With just over two weeks until voting begins, Republican presidential candidates Donald Trump and Ted Cruz firmly asserted their standing atop the GOP race in a fiery debate, overshadowing a crowded field of rivals still grappling for a way to overtake the front-runners.
Thursday night’s debate underscored that the competition between Trump and Cruz will be rough-and-tumble in the days leading up to the Feb. 1 Iowa caucuses, a shift from the relative civility that’s defined their relationship until now. The candidates tangled over Cruz’s eligibility to serve as commander in chief and the real estate mogul’s "New York values," with Trump besting his rival with an emotional recounting of his hometown’s response to the Sept. 11 attacks.
"When the World Trade Center came down, I saw something that no place on Earth could have handled more beautifully, more humanely than New York," Trump said. "That was a very insulting statement that Ted made."
Trump renewed his suggestion that Cruz may not be eligible to serve as commander in chief, saying the senator has a "big question mark" hanging over his candidacy, given his birth in Canada to an American mother. Cruz suggested Trump was only turning on him because he’s challenging for the lead in Iowa — and the businessman agreed.
Thursday’s debate was one of the last high-profile opportunities other candidates on stage had to sway voters’ views. But none appeared to emerge with a breakout moment.
Florida Sen. Marco Rubio, who holds a slight advantage over the field of more mainstream candidates, found himself in heated exchanges with both Cruz and New Jersey Gov. Chris Christie.
Rubio likened Christie’s policies to President Barack Obama’s, particularly on guns, Planned Parenthood and education reform — an attack Christie declared false. Seeking to undermine Rubio’s qualifications for president, Christie suggested that senators "talk and talk and talk" while governors such as himself are "held accountable for everything you do."
Cruz confronted Rubio late in the debate over his support for a Senate bill that would have created a pathway to citizenship for people in the U.S. illegally, an unpopular position among GOP primary voters. Rubio tried to flip the criticism around on Cruz, accusing him of switching positions on immigration himself, as well as on numerous other issues.
"That is not consistent conservatism," Rubio said. "That is political calculation."
Cruz was also on the defensive about his failure to disclose on federal election forms some $1 million in loans from Wall Street banks during his 2012 Senate campaign. He said it was little more than a "paperwork error."
Rubio and Christie are among the candidates seeking to break out of the establishment pack, particularly in the New Hampshire primary, which quickly follows the leadoff Iowa caucuses. The race in Iowa has settled into a tight, two-way contest between Trump and Cruz.
Thursday night’s debate came at the end of a week that has highlighted anew the deep rifts in the Republican Party. South Carolina Gov. Nikki Haley, a rising GOP star, was widely praised by many party leaders for including a veiled criticism of Trump’s angry rhetoric during her response to Obama’s State of the Union address — only to be chastised by conservative commentators and others for the exact same comment.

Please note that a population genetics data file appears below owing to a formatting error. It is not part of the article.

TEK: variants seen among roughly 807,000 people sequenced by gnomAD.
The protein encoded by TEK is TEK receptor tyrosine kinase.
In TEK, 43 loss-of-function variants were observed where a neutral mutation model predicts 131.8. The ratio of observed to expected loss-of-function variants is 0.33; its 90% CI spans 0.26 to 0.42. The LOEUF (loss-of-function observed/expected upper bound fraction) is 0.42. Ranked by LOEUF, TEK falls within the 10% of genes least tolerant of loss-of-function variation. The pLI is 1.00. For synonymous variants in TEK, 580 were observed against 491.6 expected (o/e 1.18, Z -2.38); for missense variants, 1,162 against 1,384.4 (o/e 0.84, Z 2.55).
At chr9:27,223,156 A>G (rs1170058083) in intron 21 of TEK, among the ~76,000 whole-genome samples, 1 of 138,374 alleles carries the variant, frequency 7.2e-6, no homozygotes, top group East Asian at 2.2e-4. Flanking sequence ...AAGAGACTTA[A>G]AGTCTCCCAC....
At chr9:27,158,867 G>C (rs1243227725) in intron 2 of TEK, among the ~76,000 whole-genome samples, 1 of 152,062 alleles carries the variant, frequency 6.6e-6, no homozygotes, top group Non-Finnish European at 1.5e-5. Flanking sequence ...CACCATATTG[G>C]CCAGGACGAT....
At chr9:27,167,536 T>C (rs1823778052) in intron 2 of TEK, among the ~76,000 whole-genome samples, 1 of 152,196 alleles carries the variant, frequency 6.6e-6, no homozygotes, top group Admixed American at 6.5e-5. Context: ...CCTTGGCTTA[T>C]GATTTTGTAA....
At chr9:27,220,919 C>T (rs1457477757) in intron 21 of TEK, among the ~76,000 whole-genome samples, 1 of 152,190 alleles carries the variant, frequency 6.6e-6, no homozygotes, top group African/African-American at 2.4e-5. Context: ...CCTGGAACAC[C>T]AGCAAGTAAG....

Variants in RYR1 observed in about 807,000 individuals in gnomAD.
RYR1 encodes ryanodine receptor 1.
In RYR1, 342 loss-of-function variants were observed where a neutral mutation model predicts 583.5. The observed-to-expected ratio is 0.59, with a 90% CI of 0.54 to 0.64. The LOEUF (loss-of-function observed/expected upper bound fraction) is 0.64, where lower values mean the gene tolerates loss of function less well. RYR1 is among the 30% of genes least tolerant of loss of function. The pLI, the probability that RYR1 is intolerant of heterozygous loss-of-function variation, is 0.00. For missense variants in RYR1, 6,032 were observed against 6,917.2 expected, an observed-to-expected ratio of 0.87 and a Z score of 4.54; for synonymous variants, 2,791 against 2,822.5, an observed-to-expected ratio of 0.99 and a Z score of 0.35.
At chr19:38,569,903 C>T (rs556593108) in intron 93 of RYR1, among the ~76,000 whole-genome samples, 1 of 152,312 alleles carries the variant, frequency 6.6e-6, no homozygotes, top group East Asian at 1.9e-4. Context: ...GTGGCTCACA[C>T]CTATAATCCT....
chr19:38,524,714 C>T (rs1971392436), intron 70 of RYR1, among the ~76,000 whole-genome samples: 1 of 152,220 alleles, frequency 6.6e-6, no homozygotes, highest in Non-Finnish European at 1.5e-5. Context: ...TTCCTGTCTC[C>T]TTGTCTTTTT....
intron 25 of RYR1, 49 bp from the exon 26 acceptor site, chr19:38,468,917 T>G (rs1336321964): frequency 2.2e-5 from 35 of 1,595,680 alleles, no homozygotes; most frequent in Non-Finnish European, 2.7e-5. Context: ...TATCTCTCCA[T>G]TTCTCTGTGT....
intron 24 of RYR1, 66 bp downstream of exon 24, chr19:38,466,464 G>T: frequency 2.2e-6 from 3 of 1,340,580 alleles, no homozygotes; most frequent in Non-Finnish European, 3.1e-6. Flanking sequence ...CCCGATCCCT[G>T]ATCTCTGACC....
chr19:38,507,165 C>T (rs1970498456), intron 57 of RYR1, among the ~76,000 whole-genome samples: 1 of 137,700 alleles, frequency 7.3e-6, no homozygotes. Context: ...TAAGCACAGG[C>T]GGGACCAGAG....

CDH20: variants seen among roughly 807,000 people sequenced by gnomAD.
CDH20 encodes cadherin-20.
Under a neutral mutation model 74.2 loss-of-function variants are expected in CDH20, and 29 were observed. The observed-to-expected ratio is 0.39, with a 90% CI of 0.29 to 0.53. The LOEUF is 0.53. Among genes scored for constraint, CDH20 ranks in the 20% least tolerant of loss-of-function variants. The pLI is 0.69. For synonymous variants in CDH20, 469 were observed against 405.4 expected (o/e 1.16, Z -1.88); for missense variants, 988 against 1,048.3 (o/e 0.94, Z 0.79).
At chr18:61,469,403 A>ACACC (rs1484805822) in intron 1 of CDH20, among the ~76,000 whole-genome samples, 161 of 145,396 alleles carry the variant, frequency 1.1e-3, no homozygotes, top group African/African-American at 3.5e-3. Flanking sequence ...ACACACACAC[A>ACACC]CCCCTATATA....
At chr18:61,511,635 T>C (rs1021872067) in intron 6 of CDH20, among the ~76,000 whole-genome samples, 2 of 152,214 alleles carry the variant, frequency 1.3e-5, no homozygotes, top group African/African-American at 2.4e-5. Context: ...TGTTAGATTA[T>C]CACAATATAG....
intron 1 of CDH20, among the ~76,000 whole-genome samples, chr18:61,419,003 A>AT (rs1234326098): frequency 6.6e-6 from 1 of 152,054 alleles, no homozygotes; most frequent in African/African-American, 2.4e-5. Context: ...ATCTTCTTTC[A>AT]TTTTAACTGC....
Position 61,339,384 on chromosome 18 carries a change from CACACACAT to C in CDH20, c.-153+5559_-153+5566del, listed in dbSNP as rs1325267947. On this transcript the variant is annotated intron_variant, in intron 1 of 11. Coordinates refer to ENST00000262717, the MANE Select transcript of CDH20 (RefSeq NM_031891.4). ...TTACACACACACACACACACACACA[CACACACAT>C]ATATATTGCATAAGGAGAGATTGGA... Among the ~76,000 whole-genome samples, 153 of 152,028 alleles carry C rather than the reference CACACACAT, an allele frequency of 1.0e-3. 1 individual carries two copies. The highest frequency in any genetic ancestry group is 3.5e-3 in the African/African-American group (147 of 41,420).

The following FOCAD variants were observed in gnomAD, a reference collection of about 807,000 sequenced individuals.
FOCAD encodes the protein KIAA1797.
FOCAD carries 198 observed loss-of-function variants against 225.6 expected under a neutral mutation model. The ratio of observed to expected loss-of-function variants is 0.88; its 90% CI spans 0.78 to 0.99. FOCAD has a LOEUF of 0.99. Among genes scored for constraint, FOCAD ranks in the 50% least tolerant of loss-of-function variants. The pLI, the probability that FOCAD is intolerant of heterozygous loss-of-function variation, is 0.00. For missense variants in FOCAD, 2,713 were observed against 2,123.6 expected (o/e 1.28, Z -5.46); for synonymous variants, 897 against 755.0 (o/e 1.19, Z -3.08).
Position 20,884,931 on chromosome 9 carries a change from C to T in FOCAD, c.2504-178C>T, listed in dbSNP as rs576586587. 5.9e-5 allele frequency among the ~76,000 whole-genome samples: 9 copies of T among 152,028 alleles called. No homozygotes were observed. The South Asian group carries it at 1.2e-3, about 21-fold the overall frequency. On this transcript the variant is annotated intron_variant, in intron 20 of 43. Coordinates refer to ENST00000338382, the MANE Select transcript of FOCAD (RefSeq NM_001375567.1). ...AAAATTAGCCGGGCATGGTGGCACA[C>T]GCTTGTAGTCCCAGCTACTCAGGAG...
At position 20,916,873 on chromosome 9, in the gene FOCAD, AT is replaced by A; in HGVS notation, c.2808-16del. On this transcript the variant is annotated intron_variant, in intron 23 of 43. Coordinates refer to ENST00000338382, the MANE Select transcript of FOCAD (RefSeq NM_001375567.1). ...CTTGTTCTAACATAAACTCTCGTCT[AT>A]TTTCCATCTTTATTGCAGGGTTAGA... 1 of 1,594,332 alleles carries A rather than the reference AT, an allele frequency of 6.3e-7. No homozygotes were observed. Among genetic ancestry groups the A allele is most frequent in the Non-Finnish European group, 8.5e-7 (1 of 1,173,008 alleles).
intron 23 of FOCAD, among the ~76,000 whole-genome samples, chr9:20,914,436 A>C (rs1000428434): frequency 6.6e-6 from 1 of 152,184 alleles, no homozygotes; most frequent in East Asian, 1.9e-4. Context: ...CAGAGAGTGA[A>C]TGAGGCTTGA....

Trump said he wasn’t offended by Haley’s speech and argued his anger is justified.
"I’m very angry because our country is being run horribly," he said. "And I will gladly accept the mantle of anger."
Trump also stuck with his controversial call for temporarily banning Muslims from the United States because of fear of attacks emanating from abroad. He said he had no regrets about the proposal and noted his poll numbers went up after he announced the plan.
Former Florida Gov. Jeb Bush, who has emerged as a frequent critic of Trump, urged the front-runner to reconsider the policy.
"What kind of signal does that send to the rest of the world?" said Bush, who has struggled to gain any momentum in the race and often appeared overshadowed Thursday night.
Ohio Gov. John Kasich also broke with Trump on the Muslim ban, but like the entire GOP field, called for at least a temporary halt on the Obama administration’s plan to allow thousands of Syrian refugees into the country.
"I’ve been for pausing the Syrian refugees," Kasich said. "But we don’t want to put everybody in the same category."
On the economy and national security, the candidates agreed any of them would be better than Obama or Hillary Clinton.
"On Tuesday night, I watched story time with Barack Obama, and it sounds like everything in the world was going amazing," Christie said.
Bush suggested the country was less safe under Obama and declared Clinton would be a "national security disaster."
Rubio went even further, saying Clinton was "disqualified for being commander in chief," accusing her of mishandling classified information and lying to the families of Americans killed in the 2012 attacks in Benghazi, Libya.
Ben Carson, who has fallen behind his rivals despite being well-liked among Republican voters, generated laughs after joking about having to wait nearly 15 minutes to get his first question.
"I was happy to get a question this early on," the retired neurosurgeon said with a big smile.
Tighter rules for Thursday’s debate, hosted by Fox Business Network, resulted in a smaller cast of candidates in the main event. Businesswoman Carly Fiorina was bumped to the undercard event, as was Kentucky Sen. Rand Paul, though he chose to not participate in the early evening contest.
Toward the end of the debate, a handful of audience members in the hall broke out into a "We want Rand" chant.
Republicans have one more debate scheduled — a Jan. 28 event in Des Moines — before voting begins in Iowa.
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